The university has recently popped up in some unfortunate headlines as the latest round of nationwide rankings have been released. Many students celebrated our freshly minted place as the top party school in the country, accorded to the university by The Princeton Review, with an opening weekend full of dage-related shenanigans.
Not long after this announcement broke, administrators likely groaned at news of the university’s declining position on the U.S. News and World Report ranking. Because of the arbitrary nature of these rankings, however, neither should dictate the attitudes that students, faculty or administrators have about the university, nor how to improve it moving forward.
Of course, the rankings are the most public, and probably most cited, glimpse of every university in the country, and unfavorable rankings don’t do us any favors. But the administration should not focus their efforts on working to improve either of the rankings, at least directly, as this involves playing the algorithm game. Rather, university higher-ups should be empowered to better the university without concerning themselves with comparisons.
There are many issues on campus that are increasingly important to prospective and enrolled students alike that these rankings do not take into account. For example, current students are strongly advocating for increased student voter registration rates and resources for campus sexual assault survivors. Although these accomplishments may appeal to prospective students and inspire those that are already enrolled to get more involved, the ranking algorithms do not take such achievements into account.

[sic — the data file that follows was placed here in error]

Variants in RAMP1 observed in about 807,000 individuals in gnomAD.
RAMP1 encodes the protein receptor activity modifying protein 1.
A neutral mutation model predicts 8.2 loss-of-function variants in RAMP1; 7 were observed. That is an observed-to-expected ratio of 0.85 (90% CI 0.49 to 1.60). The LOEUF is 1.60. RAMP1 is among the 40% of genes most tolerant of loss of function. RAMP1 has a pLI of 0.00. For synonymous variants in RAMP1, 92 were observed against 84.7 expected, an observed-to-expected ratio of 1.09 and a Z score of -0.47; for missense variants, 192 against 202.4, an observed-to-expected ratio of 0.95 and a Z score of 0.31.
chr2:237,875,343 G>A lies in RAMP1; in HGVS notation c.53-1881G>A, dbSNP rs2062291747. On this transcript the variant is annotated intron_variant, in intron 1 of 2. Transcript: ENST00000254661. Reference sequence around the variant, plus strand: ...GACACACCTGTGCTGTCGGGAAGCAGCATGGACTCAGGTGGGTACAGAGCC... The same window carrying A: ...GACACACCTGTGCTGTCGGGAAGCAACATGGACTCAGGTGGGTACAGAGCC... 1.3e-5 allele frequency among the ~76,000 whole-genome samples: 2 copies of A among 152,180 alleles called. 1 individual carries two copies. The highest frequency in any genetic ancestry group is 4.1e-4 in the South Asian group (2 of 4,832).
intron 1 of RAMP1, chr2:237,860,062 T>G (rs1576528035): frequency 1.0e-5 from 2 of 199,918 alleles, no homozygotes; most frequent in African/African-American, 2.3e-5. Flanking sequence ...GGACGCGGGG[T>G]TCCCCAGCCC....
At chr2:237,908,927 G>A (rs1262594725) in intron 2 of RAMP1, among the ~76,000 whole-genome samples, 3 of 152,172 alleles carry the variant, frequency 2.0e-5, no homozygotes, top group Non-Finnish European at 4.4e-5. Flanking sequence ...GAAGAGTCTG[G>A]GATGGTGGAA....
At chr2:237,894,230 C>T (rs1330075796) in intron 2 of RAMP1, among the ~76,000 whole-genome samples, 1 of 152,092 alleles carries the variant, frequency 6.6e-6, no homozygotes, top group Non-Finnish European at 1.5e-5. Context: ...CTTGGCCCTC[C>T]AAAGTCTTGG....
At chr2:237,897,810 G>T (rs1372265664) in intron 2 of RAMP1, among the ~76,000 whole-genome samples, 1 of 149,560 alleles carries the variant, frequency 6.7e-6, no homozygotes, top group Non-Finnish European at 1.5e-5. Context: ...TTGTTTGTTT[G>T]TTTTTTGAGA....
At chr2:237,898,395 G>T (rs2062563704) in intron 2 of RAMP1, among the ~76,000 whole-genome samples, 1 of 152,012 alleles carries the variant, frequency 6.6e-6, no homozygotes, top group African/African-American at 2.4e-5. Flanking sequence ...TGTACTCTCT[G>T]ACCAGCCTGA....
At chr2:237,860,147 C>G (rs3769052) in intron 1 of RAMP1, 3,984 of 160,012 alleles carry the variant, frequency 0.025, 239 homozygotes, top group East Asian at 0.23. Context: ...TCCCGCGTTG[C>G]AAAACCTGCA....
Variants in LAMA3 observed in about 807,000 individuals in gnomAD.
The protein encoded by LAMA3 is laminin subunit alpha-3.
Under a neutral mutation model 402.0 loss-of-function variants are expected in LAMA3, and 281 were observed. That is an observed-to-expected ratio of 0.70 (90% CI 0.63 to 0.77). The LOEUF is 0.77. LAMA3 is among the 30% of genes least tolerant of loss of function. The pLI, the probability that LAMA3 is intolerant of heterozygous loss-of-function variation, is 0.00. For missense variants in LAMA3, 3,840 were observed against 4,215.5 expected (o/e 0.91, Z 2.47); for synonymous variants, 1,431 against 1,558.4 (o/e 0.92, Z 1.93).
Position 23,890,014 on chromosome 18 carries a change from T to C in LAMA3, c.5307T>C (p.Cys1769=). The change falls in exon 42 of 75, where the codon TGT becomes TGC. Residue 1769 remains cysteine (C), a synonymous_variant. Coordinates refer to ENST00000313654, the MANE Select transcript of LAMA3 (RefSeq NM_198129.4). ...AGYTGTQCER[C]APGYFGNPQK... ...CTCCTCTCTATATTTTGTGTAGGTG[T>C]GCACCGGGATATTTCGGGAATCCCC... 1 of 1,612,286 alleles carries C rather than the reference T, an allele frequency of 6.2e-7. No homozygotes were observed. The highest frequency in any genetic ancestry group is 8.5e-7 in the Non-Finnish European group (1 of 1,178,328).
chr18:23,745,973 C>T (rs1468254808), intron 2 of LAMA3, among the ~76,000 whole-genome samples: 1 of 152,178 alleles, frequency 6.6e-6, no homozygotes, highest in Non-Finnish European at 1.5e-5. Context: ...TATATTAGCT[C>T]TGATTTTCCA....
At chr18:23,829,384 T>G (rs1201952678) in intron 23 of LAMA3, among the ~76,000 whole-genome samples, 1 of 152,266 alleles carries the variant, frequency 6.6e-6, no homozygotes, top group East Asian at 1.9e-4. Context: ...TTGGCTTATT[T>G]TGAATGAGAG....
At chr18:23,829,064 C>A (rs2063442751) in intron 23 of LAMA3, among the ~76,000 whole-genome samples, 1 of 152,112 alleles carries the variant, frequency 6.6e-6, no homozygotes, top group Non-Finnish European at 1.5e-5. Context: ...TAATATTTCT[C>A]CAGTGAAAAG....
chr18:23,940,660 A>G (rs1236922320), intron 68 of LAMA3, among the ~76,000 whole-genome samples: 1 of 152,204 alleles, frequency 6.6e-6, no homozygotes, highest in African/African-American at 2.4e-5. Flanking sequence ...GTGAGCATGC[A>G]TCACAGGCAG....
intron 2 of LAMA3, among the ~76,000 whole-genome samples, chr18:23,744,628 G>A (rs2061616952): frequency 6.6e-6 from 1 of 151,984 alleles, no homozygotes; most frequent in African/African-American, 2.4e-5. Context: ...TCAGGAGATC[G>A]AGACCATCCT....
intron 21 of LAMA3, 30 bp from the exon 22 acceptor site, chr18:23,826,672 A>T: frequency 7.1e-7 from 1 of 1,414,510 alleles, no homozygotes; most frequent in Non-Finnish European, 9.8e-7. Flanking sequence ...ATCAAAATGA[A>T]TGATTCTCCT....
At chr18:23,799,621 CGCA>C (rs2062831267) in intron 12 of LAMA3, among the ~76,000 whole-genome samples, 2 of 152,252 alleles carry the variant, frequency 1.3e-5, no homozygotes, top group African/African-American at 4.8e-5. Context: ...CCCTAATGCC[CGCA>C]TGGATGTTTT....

The rankings are unfriendly on both ends, but neither has to result in a self-fulfilling prophecy. No one should lean into the idea that the university as a whole is in academic decline, nor do students have to convince themselves to adhere to dangerous and damaging partying expectations. These rankings are ultimately misleading and should not dictate the way students and faculty view their work and careers.
Some may believe that the detrimental positions the university holds on each ranking warrant a direct response or a change in policy on behalf of the administration; however, rankings do not discount the significant academic research and achievements that both professors and students are accomplishing everyday on this campus. There are always things that can be improved upon, but playing into the idea that having a desirable ranking is the pinnacle of success and notoriety is not the proper way to move forward.
Editorials are developed by The Review’s editorial board, and reflect the majority view of the staff, the Editor in Chief and the Executive Editor. The editorial board was led this week by Editorial Editor Alex Eichenstein. She can be reached at email@example.com.